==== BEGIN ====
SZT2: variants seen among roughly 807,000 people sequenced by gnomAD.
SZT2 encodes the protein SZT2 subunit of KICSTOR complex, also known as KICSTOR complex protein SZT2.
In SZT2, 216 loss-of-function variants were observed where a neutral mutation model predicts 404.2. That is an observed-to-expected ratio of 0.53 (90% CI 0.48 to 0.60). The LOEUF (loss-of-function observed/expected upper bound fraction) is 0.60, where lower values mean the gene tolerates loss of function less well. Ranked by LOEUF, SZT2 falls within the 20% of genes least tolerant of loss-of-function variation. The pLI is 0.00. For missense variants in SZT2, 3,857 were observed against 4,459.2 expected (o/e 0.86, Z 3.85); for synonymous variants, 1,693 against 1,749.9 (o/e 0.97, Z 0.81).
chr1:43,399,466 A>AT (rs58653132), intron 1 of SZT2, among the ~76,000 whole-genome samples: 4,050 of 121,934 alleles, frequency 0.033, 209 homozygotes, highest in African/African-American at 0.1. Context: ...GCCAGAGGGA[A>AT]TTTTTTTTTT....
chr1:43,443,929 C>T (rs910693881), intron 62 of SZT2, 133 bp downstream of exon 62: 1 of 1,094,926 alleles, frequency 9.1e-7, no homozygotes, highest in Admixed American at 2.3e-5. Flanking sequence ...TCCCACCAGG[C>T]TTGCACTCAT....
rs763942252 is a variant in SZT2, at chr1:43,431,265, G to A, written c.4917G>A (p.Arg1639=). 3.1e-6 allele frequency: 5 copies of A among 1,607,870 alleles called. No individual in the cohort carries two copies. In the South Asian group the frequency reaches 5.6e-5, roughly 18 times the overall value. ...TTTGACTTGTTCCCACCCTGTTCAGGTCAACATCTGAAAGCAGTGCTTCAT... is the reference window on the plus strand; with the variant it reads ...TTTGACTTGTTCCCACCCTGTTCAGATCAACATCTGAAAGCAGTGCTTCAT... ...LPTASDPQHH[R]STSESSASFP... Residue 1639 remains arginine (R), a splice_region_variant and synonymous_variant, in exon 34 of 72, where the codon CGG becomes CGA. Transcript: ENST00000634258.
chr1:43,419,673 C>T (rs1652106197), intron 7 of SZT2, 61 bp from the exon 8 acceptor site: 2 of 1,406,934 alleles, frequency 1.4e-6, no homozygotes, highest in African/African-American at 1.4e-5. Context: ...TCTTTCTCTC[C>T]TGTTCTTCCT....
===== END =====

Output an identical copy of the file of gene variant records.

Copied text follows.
SZT2: variants seen among roughly 807,000 people sequenced by gnomAD.
SZT2 encodes the protein SZT2 subunit of KICSTOR complex, also known as KICSTOR complex protein SZT2.
In SZT2, 216 loss-of-function variants were observed where a neutral mutation model predicts 404.2. That is an observed-to-expected ratio of 0.53 (90% CI 0.48 to 0.60). The LOEUF (loss-of-function observed/expected upper bound fraction) is 0.60, where lower values mean the gene tolerates loss of function less well. Ranked by LOEUF, SZT2 falls within the 20% of genes least tolerant of loss-of-function variation. The pLI is 0.00. For missense variants in SZT2, 3,857 were observed against 4,459.2 expected (o/e 0.86, Z 3.85); for synonymous variants, 1,693 against 1,749.9 (o/e 0.97, Z 0.81).
chr1:43,399,466 A>AT (rs58653132), intron 1 of SZT2, among the ~76,000 whole-genome samples: 4,050 of 121,934 alleles, frequency 0.033, 209 homozygotes, highest in African/African-American at 0.1. Context: ...GCCAGAGGGA[A>AT]TTTTTTTTTT....
chr1:43,443,929 C>T (rs910693881), intron 62 of SZT2, 133 bp downstream of exon 62: 1 of 1,094,926 alleles, frequency 9.1e-7, no homozygotes, highest in Admixed American at 2.3e-5. Flanking sequence ...TCCCACCAGG[C>T]TTGCACTCAT....
rs763942252 is a variant in SZT2, at chr1:43,431,265, G to A, written c.4917G>A (p.Arg1639=). 3.1e-6 allele frequency: 5 copies of A among 1,607,870 alleles called. No individual in the cohort carries two copies. In the South Asian group the frequency reaches 5.6e-5, roughly 18 times the overall value. ...TTTGACTTGTTCCCACCCTGTTCAGGTCAACATCTGAAAGCAGTGCTTCAT... is the reference window on the plus strand; with the variant it reads ...TTTGACTTGTTCCCACCCTGTTCAGATCAACATCTGAAAGCAGTGCTTCAT... ...LPTASDPQHH[R]STSESSASFP... Residue 1639 remains arginine (R), a splice_region_variant and synonymous_variant, in exon 34 of 72, where the codon CGG becomes CGA. Transcript: ENST00000634258.
chr1:43,419,673 C>T (rs1652106197), intron 7 of SZT2, 61 bp from the exon 8 acceptor site: 2 of 1,406,934 alleles, frequency 1.4e-6, no homozygotes, highest in African/African-American at 1.4e-5. Context: ...TCTTTCTCTC[C>T]TGTTCTTCCT....